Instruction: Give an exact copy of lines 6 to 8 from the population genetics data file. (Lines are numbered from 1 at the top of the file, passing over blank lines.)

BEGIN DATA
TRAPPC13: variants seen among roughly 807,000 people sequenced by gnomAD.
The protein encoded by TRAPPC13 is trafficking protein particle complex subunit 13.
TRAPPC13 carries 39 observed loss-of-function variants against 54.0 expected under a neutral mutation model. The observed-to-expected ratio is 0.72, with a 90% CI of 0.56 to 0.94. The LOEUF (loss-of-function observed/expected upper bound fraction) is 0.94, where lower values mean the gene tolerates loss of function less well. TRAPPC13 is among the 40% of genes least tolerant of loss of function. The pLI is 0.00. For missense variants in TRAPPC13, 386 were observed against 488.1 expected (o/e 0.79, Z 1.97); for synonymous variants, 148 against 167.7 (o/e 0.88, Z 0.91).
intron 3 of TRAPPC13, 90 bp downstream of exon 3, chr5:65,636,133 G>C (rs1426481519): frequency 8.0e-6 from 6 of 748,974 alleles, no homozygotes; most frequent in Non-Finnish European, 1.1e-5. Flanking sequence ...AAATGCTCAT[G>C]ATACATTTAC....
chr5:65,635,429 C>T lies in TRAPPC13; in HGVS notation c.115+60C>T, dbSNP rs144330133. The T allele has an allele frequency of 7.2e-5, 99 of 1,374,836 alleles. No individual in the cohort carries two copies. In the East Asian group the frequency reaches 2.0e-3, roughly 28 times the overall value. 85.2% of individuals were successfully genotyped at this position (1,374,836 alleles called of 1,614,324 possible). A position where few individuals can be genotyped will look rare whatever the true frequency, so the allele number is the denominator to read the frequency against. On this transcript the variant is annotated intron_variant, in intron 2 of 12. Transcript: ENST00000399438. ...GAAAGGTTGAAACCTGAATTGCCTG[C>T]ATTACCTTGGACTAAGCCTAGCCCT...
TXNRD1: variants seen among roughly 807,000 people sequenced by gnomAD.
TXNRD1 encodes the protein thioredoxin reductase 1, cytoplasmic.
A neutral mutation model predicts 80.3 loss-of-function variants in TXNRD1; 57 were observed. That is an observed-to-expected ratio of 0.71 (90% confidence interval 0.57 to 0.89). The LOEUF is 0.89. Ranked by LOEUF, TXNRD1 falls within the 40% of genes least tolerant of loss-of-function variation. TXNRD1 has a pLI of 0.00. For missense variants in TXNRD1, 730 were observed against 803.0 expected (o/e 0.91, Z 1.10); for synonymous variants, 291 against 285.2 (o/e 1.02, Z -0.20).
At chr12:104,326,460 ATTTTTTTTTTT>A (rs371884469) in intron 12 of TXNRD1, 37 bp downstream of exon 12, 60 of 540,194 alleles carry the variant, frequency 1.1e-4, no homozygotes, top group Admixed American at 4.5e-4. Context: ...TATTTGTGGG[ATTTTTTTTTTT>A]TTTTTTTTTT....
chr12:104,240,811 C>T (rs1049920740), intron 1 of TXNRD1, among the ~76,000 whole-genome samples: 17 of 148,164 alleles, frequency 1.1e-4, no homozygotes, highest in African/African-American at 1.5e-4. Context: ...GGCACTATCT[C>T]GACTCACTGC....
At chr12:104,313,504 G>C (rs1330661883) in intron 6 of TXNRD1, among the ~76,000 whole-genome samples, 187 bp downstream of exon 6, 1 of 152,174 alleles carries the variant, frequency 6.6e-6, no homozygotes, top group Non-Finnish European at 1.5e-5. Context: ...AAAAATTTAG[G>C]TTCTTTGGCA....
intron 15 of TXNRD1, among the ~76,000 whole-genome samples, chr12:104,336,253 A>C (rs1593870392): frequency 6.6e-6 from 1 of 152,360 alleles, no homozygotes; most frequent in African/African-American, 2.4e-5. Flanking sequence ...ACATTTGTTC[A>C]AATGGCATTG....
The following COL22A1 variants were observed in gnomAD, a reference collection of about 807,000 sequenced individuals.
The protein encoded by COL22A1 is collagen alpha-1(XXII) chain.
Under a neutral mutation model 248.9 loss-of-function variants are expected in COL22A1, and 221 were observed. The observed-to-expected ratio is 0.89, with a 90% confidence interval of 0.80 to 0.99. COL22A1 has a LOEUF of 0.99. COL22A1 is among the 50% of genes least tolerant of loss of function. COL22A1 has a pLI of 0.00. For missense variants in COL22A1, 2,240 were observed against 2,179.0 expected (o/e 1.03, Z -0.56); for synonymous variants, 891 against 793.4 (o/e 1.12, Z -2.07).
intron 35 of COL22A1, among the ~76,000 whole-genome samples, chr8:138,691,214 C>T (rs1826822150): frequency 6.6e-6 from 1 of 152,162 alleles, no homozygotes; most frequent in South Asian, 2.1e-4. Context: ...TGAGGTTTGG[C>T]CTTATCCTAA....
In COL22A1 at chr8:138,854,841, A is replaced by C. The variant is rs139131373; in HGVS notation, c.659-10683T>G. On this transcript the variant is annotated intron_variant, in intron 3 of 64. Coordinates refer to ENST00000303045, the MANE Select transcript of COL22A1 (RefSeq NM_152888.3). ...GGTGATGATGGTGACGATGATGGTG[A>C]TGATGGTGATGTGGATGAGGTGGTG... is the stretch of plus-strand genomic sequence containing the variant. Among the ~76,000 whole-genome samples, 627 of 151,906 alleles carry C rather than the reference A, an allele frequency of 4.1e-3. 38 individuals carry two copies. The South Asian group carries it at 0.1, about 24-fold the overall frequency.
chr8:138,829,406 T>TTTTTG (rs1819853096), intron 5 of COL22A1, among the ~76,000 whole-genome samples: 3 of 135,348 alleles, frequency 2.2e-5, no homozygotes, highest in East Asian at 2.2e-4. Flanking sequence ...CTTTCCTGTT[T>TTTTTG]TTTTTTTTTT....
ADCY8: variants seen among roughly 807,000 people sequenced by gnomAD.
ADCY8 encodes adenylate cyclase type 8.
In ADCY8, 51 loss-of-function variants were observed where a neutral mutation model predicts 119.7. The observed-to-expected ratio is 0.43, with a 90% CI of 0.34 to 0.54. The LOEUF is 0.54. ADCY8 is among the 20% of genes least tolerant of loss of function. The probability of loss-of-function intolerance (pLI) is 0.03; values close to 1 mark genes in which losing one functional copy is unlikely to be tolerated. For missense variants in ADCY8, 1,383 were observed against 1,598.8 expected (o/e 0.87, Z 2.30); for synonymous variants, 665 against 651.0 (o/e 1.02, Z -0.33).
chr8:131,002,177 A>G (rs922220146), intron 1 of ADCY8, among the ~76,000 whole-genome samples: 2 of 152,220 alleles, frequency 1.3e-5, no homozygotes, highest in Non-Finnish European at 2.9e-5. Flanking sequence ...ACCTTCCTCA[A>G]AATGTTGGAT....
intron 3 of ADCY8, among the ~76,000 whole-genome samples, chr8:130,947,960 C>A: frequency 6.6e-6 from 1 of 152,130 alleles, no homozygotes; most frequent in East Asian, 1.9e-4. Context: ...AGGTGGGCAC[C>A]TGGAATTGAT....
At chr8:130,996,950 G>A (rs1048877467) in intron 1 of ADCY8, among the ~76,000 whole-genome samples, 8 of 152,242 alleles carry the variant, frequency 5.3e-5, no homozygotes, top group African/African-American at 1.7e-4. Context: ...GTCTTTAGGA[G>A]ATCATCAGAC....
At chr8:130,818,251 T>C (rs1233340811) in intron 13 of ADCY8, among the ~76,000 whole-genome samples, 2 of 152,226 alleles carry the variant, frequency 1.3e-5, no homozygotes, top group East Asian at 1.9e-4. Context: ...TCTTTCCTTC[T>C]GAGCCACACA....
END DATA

TXNRD1: variants seen among roughly 807,000 people sequenced by gnomAD.
TXNRD1 encodes the protein thioredoxin reductase 1, cytoplasmic.
A neutral mutation model predicts 80.3 loss-of-function variants in TXNRD1; 57 were observed. That is an observed-to-expected ratio of 0.71 (90% confidence interval 0.57 to 0.89). The LOEUF is 0.89. Ranked by LOEUF, TXNRD1 falls within the 40% of genes least tolerant of loss-of-function variation. TXNRD1 has a pLI of 0.00. For missense variants in TXNRD1, 730 were observed against 803.0 expected (o/e 0.91, Z 1.10); for synonymous variants, 291 against 285.2 (o/e 1.02, Z -0.20).